During message reception these process layers perform operations complementary to those described above for transmission, and the server application 38 or some related process in an application server that implements the present invention's teachings measures the time that elapses between a request message's receipt and the server process 38's resultant response. We note here that the drawing's representation of these functions as being performed in a single process immediately above the TCP or other transport-level process in the process hierarchy is purely arbitrary. A typical arrangement may segregate general server-type functions from those more concerned with the actual web-page application, for instance. Also, certain of these functions could actually be carried out as part of a TCP process adapted to that purpose.
But we refer to the involved processes collectively as the server process 38, which will typically receive a time-of-arrival time stamp from, e.g., the Ethernet or IP process, and take its response as occurring, say, when the server process 38 delivers its response to the TCP process 37. The difference between these times is the involved transaction's response time.
The server process takes these and other data in sample periods. For a given sample period, the server adds together these response times for all transactions with all clients, and during that sample period it similarly takes the other data that the equation (3) model relates to response time. In terms of the quantities that the server process can readily measure, that model is as follows for the load-limited domain:
As will be explained below, the parameter values a, b, and c that make the model best fit the data can be determined from at least three samples' worth of these data. Using those parameters, the model can project the impact that adding another client will have on existing clients:
However, this model's performance deteriorates as the maximum throughput is approached. In that regime, the response time given by equation (2) tends to infinity: Requests are added faster than responses can be generated, so the request queue grows without limit. In practice, the response time is limited by the number of clients: each client essentially waits for each other client to complete one transaction. For this domain, our model is different, but it again depends on transaction size:
for a set of parameters a, b, and c that are not in general the same as those that apply to equation (3).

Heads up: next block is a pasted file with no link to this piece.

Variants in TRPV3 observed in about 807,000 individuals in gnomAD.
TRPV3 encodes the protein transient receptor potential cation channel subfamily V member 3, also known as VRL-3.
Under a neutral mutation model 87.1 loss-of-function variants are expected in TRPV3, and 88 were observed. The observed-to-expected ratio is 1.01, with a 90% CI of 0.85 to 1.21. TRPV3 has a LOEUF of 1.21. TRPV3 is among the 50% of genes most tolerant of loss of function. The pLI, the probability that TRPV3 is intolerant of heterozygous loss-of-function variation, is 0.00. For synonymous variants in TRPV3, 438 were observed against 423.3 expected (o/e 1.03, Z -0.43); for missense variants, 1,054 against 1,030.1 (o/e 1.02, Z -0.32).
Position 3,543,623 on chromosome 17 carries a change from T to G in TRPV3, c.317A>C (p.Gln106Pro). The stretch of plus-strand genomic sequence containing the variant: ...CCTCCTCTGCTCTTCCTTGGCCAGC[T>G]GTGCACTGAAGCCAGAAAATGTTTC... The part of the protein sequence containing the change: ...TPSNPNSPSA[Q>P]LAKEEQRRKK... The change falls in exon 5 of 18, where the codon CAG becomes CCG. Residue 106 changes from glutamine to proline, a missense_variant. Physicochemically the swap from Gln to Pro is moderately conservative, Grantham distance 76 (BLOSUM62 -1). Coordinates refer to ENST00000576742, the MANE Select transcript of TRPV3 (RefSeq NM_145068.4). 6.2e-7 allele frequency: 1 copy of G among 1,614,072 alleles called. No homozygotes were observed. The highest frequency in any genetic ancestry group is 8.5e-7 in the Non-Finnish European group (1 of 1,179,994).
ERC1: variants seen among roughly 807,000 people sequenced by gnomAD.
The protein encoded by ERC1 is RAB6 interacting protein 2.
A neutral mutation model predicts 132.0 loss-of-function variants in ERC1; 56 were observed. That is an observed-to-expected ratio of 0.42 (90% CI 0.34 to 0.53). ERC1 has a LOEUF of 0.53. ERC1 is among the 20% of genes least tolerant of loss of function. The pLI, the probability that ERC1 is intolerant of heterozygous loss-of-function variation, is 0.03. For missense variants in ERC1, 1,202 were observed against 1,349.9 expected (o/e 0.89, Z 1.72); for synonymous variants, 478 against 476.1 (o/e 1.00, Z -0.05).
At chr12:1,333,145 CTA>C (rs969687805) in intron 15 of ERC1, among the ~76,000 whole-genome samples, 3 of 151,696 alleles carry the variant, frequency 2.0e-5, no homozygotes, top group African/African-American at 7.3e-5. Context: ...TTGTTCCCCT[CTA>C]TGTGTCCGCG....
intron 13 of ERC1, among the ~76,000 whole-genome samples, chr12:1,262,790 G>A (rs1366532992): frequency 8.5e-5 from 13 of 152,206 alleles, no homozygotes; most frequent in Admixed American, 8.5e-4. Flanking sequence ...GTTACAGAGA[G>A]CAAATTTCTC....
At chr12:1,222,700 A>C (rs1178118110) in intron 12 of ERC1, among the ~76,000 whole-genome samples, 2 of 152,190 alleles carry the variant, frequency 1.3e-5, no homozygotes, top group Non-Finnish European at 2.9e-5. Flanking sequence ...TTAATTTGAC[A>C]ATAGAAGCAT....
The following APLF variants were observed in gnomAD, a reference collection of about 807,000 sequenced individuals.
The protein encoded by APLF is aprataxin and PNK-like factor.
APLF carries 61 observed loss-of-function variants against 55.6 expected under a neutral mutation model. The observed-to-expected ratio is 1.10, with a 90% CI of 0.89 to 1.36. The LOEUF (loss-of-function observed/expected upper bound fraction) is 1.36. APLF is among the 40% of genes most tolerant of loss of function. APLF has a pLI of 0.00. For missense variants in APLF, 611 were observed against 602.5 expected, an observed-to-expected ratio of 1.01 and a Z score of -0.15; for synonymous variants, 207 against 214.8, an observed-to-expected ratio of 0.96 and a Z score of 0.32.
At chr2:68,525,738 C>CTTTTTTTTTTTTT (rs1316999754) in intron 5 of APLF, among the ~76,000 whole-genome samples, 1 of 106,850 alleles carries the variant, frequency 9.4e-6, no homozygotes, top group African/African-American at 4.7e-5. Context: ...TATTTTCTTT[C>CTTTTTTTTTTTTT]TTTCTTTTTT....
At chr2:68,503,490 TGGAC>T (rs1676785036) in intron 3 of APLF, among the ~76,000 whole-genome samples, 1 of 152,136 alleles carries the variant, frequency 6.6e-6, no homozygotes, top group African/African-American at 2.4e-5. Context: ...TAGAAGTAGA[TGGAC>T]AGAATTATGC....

With this model, the impact on existing clients of adding one more is:
Although one could employ a model that combines these two domains, the approach that the illustrated embodiment employs is to compute parameters for both models and then determine which model best fits the existing data. So the general scheme for estimating the impact of added load is as follows. First, the server process 40 collects data over several sample periods. Next, it computes the constants that give the best fits to equations (3′) and (4′). It then selects the model that gives the least mean-square error. Finally, it extrapolates the cost of adding one further client, assuming that the new client's average transaction size will be that of the existing clients.
The data-collection part of this process involves collecting the following data in each sample:
number of current clients on a server
sampling period in the server
number of transactions in a sample period
(= xrate * period)
total response time over a sample period
(= aRT * nX)
aggregate connect time over a sample pe-
riod (= aClients * period)
total bytes transferred during a sample pe-
riod (= xSize * nX)
To this end, the server performs the following operations at the beginning of a sample interval:
When a client connects, the server application 38 performs these operations:
When a client message arrives, the server 38 performs these operations:
When the server application 38 sends out its response, it performs the following operations.
When a client disconnects, the server 38 performs these operations:
From the foregoing operations, it can be seen that the illustrated embodiment counts a transaction as occurring in the sample period in which it ends. Of course, this is not a requirement.